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Old 03-07-2015, 12:47 PM   #5
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Originally Posted by kirant View Post

Aw, I should've thought to post that video- CGP Grey is fantastic.
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Old 03-07-2015, 02:24 PM   #6
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Originally Posted by Thane of Cawdor View Post
hey Disney, I got your copyright law right here.

Two words: Crimson Echoes. Fans made a game that was never considered and would have given it to Squaresoft for free if they werent such punks. Course this was before we all hated Squaresoft and Sony.
I wasn't going to post as Gondolin and kirant covered up prety much all that I think. But now that you've said it I remember another one that was quite bad too, Chrono Ressurection. That thing looked to be so good! The soundtrack was top notch (they improved the original), and had 3D graphics. Too bad Square Enix killed it :(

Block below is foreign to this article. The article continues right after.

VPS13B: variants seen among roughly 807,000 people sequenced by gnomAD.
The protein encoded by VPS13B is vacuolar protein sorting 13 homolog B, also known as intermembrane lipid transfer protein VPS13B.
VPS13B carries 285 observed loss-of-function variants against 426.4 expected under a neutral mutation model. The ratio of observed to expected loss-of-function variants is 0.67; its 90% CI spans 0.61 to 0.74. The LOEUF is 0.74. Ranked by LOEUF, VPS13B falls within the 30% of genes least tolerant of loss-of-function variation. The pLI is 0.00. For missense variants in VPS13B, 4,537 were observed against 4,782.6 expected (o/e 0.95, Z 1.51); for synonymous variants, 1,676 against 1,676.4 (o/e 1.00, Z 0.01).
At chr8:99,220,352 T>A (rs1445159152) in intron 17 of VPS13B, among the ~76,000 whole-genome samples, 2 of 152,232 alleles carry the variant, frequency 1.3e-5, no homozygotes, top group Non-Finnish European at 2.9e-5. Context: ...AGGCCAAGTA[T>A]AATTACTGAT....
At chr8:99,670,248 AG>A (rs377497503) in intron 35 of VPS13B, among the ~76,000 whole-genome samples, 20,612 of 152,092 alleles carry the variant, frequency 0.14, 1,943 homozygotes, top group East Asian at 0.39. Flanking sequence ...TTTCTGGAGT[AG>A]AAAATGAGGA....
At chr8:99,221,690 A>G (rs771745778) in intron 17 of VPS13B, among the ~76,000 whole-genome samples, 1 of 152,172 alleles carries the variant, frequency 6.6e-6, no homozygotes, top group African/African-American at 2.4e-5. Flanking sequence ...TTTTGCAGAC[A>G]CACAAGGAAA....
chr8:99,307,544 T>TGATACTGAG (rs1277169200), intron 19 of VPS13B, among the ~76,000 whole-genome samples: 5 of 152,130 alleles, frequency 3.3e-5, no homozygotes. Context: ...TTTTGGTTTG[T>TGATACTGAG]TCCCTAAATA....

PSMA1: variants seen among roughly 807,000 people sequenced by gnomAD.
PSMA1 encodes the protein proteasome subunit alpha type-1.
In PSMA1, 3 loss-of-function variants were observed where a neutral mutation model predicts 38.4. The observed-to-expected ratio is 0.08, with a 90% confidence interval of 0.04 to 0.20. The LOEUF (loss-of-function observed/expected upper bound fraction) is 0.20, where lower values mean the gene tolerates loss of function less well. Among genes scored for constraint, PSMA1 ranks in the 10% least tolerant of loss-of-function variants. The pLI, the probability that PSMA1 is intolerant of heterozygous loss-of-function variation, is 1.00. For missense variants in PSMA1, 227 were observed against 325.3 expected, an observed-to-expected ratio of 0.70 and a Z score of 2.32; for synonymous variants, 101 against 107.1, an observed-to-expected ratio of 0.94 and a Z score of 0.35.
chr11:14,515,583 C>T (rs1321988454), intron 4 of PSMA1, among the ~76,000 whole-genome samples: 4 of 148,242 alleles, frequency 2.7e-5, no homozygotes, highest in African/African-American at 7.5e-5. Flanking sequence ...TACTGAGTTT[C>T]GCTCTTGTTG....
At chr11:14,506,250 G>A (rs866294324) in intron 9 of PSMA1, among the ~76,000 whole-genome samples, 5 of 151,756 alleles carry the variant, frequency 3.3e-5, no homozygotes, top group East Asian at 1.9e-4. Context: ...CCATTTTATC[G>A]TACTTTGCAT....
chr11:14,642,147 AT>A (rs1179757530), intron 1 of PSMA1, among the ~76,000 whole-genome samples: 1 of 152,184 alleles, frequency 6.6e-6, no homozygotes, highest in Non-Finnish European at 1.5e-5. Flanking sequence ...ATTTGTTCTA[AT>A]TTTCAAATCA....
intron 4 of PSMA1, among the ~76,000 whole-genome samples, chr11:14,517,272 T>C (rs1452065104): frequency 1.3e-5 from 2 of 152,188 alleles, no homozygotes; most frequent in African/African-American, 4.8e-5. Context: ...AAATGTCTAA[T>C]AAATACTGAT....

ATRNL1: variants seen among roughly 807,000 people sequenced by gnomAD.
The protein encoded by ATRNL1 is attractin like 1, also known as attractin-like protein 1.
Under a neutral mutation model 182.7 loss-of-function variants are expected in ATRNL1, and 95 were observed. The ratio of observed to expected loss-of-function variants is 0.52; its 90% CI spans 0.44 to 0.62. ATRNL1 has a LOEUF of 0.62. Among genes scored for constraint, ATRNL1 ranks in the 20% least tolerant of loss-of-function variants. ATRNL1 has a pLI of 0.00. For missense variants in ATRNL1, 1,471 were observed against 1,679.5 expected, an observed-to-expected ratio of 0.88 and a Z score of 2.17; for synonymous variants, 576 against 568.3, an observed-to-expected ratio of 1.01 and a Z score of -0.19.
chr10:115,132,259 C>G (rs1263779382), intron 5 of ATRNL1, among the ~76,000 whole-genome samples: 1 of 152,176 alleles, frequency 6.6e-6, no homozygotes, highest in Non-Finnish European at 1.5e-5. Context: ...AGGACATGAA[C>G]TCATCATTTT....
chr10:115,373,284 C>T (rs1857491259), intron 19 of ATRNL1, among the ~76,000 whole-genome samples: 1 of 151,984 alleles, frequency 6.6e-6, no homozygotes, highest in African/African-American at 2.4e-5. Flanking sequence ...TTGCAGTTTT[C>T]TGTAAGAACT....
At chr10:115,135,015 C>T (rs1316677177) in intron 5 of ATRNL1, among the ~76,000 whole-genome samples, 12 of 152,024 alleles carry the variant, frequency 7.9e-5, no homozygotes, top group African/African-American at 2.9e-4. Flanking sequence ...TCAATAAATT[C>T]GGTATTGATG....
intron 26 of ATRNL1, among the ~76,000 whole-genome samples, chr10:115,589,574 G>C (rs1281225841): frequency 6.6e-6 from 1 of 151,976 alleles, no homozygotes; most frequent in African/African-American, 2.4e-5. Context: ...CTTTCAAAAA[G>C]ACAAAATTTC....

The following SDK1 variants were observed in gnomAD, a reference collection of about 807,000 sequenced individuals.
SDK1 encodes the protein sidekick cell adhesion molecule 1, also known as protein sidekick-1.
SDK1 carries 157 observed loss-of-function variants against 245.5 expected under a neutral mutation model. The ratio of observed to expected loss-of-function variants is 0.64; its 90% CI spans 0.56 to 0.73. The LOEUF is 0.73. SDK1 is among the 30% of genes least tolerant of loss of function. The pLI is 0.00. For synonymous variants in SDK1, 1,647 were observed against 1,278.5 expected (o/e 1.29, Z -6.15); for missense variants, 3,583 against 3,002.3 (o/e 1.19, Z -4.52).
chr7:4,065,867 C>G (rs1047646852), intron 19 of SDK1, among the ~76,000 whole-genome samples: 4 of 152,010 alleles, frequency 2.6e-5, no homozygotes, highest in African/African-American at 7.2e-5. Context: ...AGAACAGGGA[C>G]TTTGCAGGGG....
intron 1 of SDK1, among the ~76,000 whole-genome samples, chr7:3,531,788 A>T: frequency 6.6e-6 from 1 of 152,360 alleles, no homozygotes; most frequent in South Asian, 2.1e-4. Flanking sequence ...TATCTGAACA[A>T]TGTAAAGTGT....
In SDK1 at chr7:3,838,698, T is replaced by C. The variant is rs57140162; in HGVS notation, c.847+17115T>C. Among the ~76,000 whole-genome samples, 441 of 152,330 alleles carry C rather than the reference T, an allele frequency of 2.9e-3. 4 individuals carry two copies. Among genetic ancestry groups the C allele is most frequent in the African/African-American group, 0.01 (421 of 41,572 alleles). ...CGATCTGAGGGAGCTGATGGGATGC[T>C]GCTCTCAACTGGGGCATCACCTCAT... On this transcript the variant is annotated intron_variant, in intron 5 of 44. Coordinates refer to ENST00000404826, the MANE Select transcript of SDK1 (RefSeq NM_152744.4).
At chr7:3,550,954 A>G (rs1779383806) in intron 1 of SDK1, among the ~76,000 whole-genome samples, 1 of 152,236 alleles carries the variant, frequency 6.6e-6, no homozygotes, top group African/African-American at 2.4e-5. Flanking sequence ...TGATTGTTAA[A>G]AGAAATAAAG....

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Old 03-08-2015, 11:50 PM   #7
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How come drug companies that spend millions on research get a patent for like, what a decade? And some wizard and warlock movie gets protection for up to 240 plus years? No, Disney and Sony aren't behind the politicians passing these laws.....nah

At what pointi n history will a 2nd grade kid draw mickey mouse for a class project, wins an award for drawing, and Disney calls up his parents for their cut? Or they say, hey, you can't draw that anymore.
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Old 03-09-2015, 12:44 AM   #8
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Originally Posted by Thane of Cawdor View Post
How come drug companies that spend millions on research get a patent for like, what a decade? And some wizard and warlock movie gets protection for up to 240 plus years? No, Disney and Sony aren't behind the politicians passing these laws.....nah

At what pointi n history will a 2nd grade kid draw mickey mouse for a class project, wins an award for drawing, and Disney calls up his parents for their cut? Or they say, hey, you can't draw that anymore.